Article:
All too often a brand will launch a new product or service that flops because of a poorly thought through marketing campaign – so here are 8 tips for a successful marketing campaign.
Be crystal clear in your objectives
The key to any successful campaign is having a clear goal – what are we trying to achieve with this campaign? By setting clear objectives you are allowing yourself to measure the success of your campaign. A recent example is Coke’s One Brand campaign in the UK. Coke is attempting to consolidate its four separate beverages under one global brand as it battles both declining sales and widespread ignorance about its low calorie drinks.
Try and only do one, or at the very most two, things Strategy is all about sacrifice – be ruthless in what you can’t do.
The best campaigns drive home a homogenous and unambiguous message. Becoming bogged down trying multiple strategies at once is a surefire way to reduce the overall effectiveness of your campaign. For smaller businesses it’s important to find a message that your business believes in. If you can nail this it will help rally your whole company behind the campaign.
Make sure the campaign has impact – if people don’t notice it, you’re wasting money
All campaigns need to turn heads, some take this further than others.Protein World’s “Are you beach body ready?” ads on the London Underground elicited a barrage of complaints over ‘body shaming’ but Protein World’s CEO, Arjun Seth, stuck with the campaign and their sales tripled.
While stirring up controversy is perhaps not the best way to create an effective ad campaign, all campaigns should be profound in their own way. Using campaigns that play upon people’s emotions is a proven way to increase their reach as people are far more likely to talk about stories that have emotional pull – simple things like worthwhile charitable causes are ideal for small businesses to throw their weight behind.
Make sure it communicates your message
While this sounds simple, in many cases marketing campaigns have failed to get across to people what they’re selling or promoting. With the whole spectrum of digital and physical media at their disposal, campaigns must be intelligent in how they transmit their message in order to reach their target demographic.
For companies that can’t afford large set piece marketing campaigns, networks like Instagram or Snapchat are a perfect way to directly convey effective campaigns that would cost a fraction of the one noted above –Good Greens health foods built its brand from nothing using only networking from friendly local bloggers. Comarketing with similar firms is another effective means of raising brand profile.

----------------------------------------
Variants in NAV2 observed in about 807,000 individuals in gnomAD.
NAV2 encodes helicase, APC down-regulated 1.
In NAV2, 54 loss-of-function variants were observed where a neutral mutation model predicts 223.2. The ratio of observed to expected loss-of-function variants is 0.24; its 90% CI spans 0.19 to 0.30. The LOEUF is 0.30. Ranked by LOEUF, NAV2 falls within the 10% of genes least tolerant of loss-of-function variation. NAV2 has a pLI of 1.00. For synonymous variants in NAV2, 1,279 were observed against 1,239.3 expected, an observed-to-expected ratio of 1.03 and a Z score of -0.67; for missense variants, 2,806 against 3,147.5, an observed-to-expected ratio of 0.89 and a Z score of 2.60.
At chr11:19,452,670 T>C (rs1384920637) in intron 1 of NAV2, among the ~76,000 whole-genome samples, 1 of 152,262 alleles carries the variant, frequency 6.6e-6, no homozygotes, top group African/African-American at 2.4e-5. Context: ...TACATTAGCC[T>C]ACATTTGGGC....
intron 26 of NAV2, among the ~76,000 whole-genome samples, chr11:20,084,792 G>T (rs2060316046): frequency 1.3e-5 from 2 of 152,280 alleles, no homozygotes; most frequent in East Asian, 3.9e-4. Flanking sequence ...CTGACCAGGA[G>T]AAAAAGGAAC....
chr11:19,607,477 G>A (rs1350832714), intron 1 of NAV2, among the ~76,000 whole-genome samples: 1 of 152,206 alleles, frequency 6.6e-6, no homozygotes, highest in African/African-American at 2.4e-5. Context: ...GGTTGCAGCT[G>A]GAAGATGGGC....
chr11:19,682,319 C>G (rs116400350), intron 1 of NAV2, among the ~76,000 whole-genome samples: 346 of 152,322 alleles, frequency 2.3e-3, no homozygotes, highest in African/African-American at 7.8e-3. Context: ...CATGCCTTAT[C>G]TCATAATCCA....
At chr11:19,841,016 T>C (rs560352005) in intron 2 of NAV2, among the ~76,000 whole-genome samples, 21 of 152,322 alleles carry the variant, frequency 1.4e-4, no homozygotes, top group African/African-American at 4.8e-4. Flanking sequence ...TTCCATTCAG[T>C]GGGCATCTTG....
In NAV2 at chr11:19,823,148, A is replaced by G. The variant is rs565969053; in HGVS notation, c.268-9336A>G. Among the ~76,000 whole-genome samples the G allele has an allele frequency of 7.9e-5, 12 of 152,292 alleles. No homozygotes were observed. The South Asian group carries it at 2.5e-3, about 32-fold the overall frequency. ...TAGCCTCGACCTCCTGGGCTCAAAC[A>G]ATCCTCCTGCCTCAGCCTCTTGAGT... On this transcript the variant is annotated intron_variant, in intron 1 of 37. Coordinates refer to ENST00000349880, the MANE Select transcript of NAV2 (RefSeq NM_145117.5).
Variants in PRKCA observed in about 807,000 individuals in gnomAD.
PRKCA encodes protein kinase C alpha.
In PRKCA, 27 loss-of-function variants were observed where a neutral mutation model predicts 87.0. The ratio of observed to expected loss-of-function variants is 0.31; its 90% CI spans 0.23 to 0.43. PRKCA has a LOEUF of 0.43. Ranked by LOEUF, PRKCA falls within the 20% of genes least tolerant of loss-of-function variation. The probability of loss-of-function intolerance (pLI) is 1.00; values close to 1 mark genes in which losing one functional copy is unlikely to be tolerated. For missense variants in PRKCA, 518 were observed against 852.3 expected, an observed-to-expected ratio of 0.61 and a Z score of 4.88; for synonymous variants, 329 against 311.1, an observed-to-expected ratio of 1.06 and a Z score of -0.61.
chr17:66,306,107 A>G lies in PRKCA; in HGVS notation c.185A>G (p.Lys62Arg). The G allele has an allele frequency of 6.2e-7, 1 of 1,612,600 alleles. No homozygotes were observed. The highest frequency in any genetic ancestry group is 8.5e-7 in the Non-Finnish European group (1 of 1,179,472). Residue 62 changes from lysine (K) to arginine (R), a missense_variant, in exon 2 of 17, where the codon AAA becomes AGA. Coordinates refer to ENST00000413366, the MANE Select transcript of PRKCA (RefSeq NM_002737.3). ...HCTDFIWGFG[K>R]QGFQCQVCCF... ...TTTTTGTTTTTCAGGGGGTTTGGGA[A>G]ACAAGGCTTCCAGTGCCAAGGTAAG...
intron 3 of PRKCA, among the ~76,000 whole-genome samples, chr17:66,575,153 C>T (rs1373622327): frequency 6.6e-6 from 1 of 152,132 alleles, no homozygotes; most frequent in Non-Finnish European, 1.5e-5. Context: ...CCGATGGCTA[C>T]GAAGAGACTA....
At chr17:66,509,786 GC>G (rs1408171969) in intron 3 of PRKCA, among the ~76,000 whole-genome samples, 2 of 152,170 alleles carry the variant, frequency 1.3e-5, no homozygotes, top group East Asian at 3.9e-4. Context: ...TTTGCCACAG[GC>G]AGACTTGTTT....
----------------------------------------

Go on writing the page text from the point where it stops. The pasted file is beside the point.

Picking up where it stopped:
Make sure it persuades people of what you want them to do
For most brands this is a simple case of promote a product in order to increase sales. It can be difficult to strike the right balance between promotion and audiences feeling like they’re having a product pushed on them. The ALS ‘Ice Bucket Challenge’ viral campaign or Save the Children’s ‘If London were Syria’ ads both engaged audiences effectively but in completely different ways.
Many companies were able to raise their own reputation and profile by participating in the Ice Bucket Challenge in creative ways, and it is important for all businesses to keep a close eye on internet trends to stay ahead of the game.
Make it funny
Humour is also crucial for smaller businesses. Lacking the reach of larger companies, humorous and original videos and pictures are one of the best ways to get people interested in your brand in the first place – look at howDollarShaveClub spent $4500 on an ad that got more than 20 million Youtube views and propelled them to instant success.
The most successful marketing campaigns in recent years have been humorous on some level. One way to do so is by joining in with pre-existing hashtags or other social media campaigns and brand awareness will follow naturally – Snickers taking advantage of Jeremy Clarkson’s fracas last year for example.
Execution – campaigns are 1% strategy, 99% execution
While a sound overall strategy is always the basis of a solid campaign, it is the detail that wins the day. Many a campaign has fallen flat because of a gaffe that was overlooked or because of technical glitches. In the days of mass digital literacy, it is seen as inexcusable for brands to bungle using social media platforms. Sony’s ‘Black vs. White’ PSP ad campaign back in 2006 quickly descended into ridicule and condemnation over racial overtones which should have been obvious when designing the campaign.
Adapt as you go
Large companies often have trouble adjusting the direction of their campaign owing to their sheer complexity and size, and will often abandon a campaign if it proves to be too much of a disaster. By contrast in a smaller business it is easier to pick up and adjust any marketing drives, allowing more fluid campaigns that can change as frequently as the company can assign someone to manage their Instagram, Facebook, Snapchat account or their website.
Even internet advertising and sponsorship is far more flexible than the multi-million pound campaigns of larger firms and can be changed to keep track of current social media trends. If a campaign is proving successful you can quickly reinforce it; if it is having little impact, you can quickly alter or pull it altogether.